Daniel Webster said it best when he remarked, “If all my possessions were taken from me with one exception, I would choose to keep the power of communication, for by it I would soon regain all the rest.”
Second to being alive, the ability to communicate is the most critical human function allowing for full participation in society. Few losses have a great impact than losing this ability. Negative feelings like anger, frustration, depression, anxiety and low self-esteem are common following loss of speech and language skills – even among those with minor impairments.
Being unable to express yourself or to understand the speech of others is undoubtedly a cause for lowered spirits. Many people feel isolated and alone and this loss of can be heartbreaking for the family.
One reason speech loss is so unsettling, is that it cuts you off from other people. Whether the loss is gradual or sudden,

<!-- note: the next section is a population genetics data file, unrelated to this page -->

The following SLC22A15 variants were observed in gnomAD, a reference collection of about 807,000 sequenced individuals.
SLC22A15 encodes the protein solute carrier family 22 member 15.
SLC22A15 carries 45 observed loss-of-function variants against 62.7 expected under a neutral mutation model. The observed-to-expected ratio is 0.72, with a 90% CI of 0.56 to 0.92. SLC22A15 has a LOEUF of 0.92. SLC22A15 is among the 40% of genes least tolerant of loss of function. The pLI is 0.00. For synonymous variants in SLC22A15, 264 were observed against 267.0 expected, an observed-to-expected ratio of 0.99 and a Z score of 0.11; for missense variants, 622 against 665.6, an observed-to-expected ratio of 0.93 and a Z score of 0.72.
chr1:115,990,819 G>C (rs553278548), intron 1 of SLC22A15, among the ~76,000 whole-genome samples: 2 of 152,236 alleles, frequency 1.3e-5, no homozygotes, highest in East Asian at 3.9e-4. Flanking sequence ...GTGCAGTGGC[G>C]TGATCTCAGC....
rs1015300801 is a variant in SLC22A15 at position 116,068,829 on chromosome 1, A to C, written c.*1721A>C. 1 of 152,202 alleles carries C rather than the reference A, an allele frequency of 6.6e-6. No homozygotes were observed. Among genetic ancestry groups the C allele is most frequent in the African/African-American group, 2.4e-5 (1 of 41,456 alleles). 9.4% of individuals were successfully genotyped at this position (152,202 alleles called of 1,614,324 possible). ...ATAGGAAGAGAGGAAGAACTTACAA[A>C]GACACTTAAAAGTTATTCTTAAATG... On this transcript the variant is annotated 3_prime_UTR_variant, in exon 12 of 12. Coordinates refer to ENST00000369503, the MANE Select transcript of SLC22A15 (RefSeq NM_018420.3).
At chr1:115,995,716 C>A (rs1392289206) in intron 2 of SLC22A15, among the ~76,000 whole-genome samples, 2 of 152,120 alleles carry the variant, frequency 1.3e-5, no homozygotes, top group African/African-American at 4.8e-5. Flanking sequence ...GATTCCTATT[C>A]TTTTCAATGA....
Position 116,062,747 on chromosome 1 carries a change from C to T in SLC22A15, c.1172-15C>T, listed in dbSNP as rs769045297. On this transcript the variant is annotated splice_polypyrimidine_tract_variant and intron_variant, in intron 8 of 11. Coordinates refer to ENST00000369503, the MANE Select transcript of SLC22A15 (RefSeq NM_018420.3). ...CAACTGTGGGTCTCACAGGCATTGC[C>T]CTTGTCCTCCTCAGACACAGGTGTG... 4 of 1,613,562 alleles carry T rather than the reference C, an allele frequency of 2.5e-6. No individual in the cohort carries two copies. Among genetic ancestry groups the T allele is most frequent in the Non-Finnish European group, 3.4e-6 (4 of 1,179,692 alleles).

These life changes can be stressful and felt in family matters, financial aspects of life and work-related activities. Further, those with communication challenges are often shut out of child-rearing, decisions affecting adult children and issues related to grandchildren.
Speech therapists serve the invisible and voiceless minority who cannot always speak for themselves, yet deserve to be treated as equitably as those with more obvious disabilities. It’s not uncommon to make modifications to a building allowing easier access for those in wheelchairs, for example; why not provide a person with a speech handicap similar accommodations? Step One is to have a speech and language evaluation.
At Fort HealthCare, we offer services every weekday at the outpatient Therapy and Sport Centers and in the hospital. Clinicians have experience working with all age groups and encourage family members to contact their physician to request a speech evaluation. Call us for yourself or on behalf of someone you care about. Let us help keep you talking!